during the winter season, and has, I doubt not, contributed to induce the epidemics in various parts of the country, which have been attributed to other causes. The escape of sewer-gas and other deleterious gases in and about our colleges, it is now ascer. tained beyond any reasonable doubt, is a predisposing cause of phthisis. Several instances are also reported where epidemics have occurred from this cause. One of these colleges is, or was up to a recent period, closed from such a cause; the students being ordered home by the physicians who made an examination of the premises. In two other colleges in the same State (New Jersey) epidemics have broken out. In this report I have confined myself to a general review of the unsanitary condition of schools, feeling assured that the chairman of the committee and our colleague, Dr. Stuart, will do ample justice to that portion of the report which refers to the construction of buildings, warming, etc.






HISTORICAL SKETCH.–From the earliest discovery of Florida in 1497, by Sebastian Cabot, five years after the first voyage of Columbus, up to the present time, she has ever and anon been the object of considerable interest. As early as 1512, Ponce de Leon landed on her shores in search of health, hoping to find in her glades or forests the rejuvenating fountains of “eternal youth.' Other Spanish expeditions, for the conquest of Florida, followed, the most noted of which was that under Hernando De Soto in 1539. This bold and chivalric adventurer, with a thousand mail-clad followers, landed at Tampa Bay (San Espiritu), and amid the hardships and dangers of penetrating and traversing an unexplored country, inhabited by barbarous and hostile savages, made his way northward beyond the present confines of the State, and thence pursued a westward route to the Mississippi, where his own restless career and that of his ill-starred expedition terminated. His failure to find among the natives the precious metals in abundance, as his compatriots, Pizarro and Cortez, had done in Peru and Mexico, cooled the ardor of the avaricious Spaniards for conquest and domination in the vast territory then claimed as Florida.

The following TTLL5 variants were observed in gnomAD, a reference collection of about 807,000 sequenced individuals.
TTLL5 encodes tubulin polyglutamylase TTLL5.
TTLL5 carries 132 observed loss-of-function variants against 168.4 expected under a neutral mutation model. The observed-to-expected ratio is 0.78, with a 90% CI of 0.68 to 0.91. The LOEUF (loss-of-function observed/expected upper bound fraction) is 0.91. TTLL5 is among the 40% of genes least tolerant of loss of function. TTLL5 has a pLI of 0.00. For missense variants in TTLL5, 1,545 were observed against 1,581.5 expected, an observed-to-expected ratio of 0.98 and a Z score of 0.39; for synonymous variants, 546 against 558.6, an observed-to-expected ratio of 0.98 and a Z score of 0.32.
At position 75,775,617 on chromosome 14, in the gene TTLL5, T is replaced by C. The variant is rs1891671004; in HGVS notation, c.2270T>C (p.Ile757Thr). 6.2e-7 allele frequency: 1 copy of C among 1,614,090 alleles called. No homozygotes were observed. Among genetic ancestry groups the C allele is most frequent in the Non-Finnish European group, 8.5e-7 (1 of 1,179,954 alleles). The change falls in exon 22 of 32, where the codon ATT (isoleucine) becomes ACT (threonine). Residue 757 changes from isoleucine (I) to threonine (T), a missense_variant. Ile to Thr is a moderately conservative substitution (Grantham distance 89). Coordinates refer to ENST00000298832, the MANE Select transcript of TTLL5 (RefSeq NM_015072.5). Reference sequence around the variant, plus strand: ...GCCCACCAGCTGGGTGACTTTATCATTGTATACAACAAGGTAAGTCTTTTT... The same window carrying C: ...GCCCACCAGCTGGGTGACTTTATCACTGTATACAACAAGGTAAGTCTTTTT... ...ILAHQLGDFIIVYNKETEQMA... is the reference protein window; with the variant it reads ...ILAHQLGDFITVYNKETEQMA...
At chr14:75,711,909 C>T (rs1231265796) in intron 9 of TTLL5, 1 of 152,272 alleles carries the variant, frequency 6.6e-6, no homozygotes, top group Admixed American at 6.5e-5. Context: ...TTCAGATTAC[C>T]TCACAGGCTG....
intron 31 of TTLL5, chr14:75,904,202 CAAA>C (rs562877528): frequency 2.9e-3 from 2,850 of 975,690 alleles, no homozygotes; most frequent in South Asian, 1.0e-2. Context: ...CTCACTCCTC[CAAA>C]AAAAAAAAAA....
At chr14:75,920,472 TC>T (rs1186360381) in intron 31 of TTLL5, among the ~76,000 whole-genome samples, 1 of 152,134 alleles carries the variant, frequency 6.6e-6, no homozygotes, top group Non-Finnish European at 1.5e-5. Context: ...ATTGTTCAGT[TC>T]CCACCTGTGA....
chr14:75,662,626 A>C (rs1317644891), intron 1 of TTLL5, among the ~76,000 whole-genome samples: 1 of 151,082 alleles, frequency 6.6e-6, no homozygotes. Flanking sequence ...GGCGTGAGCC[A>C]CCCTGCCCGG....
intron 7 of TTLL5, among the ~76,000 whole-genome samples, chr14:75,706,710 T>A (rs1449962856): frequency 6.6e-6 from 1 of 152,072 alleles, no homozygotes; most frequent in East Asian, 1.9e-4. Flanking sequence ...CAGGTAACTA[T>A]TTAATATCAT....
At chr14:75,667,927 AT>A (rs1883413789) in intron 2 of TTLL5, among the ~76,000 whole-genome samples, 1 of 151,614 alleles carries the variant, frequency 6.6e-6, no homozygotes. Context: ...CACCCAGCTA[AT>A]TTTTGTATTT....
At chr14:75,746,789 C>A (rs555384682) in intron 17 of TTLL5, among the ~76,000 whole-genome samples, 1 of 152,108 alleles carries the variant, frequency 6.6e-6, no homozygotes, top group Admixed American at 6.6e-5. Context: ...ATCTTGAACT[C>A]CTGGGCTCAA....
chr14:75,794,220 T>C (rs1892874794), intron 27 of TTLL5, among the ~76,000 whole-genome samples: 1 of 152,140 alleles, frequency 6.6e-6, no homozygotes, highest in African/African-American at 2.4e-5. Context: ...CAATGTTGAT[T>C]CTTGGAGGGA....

The first permanent settlement was made in the sixteenth century, by some French Huguenots, on and near the mouth of the St. Jobd's River. In a few years they were massacred as heretics and foreigners. A similar fate soon overtook the perpetrators of this barbarous deed. In 1565, the Spanish Governor, Menendez, founded St. Augustine; and consequently for antiquity its claims to priority over every other place in the United States are conceded. From this time, Florida became a petty colony of Spain, only attracting a little attention now and then during the continental wars of Europe. From 1713 to 1784, Florida was a British possession,